A measure of trust - How WA Police evaluates the effectiveness of its response to family and domestic violence 2015

Found in: Resources on violence against women and girls

The Community Development and Justice Standing Committee (the committee) announced an overarching Inquiry into Methods of Evaluating WA Police Performance. On 20 May 2015, the Committee resolved that the second focus area of the inquiry would be how WA Police evaluates whether it is providing adequate protection to the victims of family and domestic violence. The Committee set out to answer three key questions:

  • How does WA Police measure progress in this area?
  • How do others perceive their performance?
  • How should they be measuring their performance to align with best practice?

The Committee also formulated specific terms of reference related to performance measures, victims’ perceptions of police, training, and the use of technology.

In the absence of a comprehensive set of indicators, the committee was only able to assess the performance of WA Police by drawing on the perceptions of victims and service providers. Many victims and domestic violence service representatives informed the committee that police responses to family and domestic violence incidents were inconsistent. Some police officers responded sensitively and appropriately and were considered to be doing excellent work. There were others for which the opposite was true. The committee argued that victims of family and domestic violence need to know that their call will be attended to in a timely, appropriate and consistent manner, regardless of who they are, where they may be and which officer responds.

There was also criticism of the completion of Domestic Violence Incidents Reports (DVIRs), with police allegedly failing to record vital information. The inclusion or absence of these details influences the risk assessment of a case by the Family and Domestic Violence Response Team (FDVRT). The committee also heard from many support services that WA Police does not consistently take breaches of VROs seriously.Given that policing consumes a large proportion of the State budget, the committee argues that there is a strong imperative to ensure that WA Police performance is adequately evaluated. The introduction of the Frontline 2020 policing reforms (which saw the number of specialist domestic violence officers assigned to the Victim Support Units halved, with all officers expected to respond to domestic violence) strengthens this obligation.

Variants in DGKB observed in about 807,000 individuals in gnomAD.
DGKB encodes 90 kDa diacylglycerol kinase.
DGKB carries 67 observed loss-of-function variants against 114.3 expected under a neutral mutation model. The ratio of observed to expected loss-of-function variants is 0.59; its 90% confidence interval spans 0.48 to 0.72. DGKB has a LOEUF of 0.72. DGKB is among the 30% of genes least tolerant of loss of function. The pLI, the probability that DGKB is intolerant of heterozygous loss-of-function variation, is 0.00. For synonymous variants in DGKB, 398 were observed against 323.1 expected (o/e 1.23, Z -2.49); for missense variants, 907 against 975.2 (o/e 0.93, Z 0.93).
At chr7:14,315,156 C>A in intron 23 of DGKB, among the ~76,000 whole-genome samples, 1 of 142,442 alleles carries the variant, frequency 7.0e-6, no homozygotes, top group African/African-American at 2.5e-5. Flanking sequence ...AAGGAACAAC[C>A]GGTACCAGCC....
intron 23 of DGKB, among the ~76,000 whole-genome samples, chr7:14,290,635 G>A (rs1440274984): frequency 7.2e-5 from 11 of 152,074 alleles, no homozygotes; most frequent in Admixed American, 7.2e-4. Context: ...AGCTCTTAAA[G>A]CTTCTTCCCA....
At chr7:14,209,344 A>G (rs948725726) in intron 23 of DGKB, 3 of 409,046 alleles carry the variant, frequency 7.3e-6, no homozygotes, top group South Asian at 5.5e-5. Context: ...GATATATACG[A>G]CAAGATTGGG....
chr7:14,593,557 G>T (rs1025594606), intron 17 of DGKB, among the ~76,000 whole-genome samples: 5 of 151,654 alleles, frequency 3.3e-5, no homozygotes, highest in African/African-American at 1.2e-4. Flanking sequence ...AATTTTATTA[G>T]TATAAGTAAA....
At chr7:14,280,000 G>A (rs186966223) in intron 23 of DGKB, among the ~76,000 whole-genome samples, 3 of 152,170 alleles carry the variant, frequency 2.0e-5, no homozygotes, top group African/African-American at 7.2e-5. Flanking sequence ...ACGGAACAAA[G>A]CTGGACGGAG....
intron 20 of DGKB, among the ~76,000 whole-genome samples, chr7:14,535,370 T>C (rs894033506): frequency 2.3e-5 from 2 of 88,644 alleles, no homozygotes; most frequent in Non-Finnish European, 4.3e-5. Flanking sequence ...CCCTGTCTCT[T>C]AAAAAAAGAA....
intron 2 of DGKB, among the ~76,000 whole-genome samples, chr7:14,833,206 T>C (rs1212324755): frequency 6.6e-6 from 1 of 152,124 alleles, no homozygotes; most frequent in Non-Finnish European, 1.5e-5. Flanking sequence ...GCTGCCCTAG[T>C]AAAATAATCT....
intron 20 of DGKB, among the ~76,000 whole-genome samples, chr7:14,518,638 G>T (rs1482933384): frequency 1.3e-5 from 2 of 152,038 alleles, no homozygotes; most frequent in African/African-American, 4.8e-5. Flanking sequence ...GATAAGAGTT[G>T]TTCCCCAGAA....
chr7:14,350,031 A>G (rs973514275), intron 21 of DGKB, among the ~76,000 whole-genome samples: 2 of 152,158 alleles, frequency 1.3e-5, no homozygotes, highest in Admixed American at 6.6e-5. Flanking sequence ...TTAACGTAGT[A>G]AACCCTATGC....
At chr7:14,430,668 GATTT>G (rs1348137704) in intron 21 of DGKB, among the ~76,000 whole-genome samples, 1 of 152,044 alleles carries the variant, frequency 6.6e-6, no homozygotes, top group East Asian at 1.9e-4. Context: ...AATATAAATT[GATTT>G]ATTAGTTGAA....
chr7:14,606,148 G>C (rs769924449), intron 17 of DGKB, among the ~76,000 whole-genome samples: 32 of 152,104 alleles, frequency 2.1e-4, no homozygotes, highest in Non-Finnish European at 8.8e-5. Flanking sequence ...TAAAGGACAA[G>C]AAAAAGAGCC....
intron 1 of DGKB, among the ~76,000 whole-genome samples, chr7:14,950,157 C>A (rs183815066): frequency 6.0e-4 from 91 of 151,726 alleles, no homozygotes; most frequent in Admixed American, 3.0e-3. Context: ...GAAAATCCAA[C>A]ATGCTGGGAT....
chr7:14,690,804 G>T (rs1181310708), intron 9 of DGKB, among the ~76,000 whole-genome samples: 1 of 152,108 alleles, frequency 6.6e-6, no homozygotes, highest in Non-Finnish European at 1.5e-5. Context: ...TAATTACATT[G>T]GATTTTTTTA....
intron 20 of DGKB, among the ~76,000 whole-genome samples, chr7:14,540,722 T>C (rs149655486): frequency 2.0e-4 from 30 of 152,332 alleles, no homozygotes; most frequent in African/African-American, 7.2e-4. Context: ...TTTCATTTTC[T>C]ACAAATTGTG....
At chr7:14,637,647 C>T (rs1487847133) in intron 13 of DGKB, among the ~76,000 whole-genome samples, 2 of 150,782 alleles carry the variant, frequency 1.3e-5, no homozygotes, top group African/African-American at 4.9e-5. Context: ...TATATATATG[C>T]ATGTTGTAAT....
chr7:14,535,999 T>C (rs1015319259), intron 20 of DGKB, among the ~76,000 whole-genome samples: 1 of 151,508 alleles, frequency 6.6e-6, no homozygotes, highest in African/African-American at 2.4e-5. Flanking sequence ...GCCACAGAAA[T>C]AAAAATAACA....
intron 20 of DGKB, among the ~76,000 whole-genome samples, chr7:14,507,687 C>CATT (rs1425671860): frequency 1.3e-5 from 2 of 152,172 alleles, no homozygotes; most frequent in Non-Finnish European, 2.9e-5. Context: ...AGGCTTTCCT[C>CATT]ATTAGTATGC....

According to the committee, WA Police includes a KPI in its annual report which measures the percentage of incidents processed within a particular time-frame. But this does not indicate how satisfied victims were with the response, and hence their willingness to go to police in the future. The independent community satisfaction survey reported on in the WA Police annual report has no specific focus on family violence victims either. The Productivity Commission’s Report on Government Services, has no specific indicators for family and domestic violence. Likewise, the annual National Survey of Community Satisfaction with Policing does not have a specific measurement of the experience and perceptions of victims of family and domestic violence.

The Committee expressed concerns regarding the WA Police’s intention to use the monitoring and evaluation framework set out in the Freedom from Fear action plan to guide its own evaluations because, among other things, the monitoring and evaluation framework set out in Freedom from Fear is extremely lacking in terms of specifics, and also provides no timeline for when the “work in progress” will be finalised.

In concluding, the Committee states that police should commit to developing a set of measures within a suitable timeframe; and concludes that specialised, targeted training was the best way of increasing the effectiveness and professionalism of police responses to family and domestic violence.

Read the Report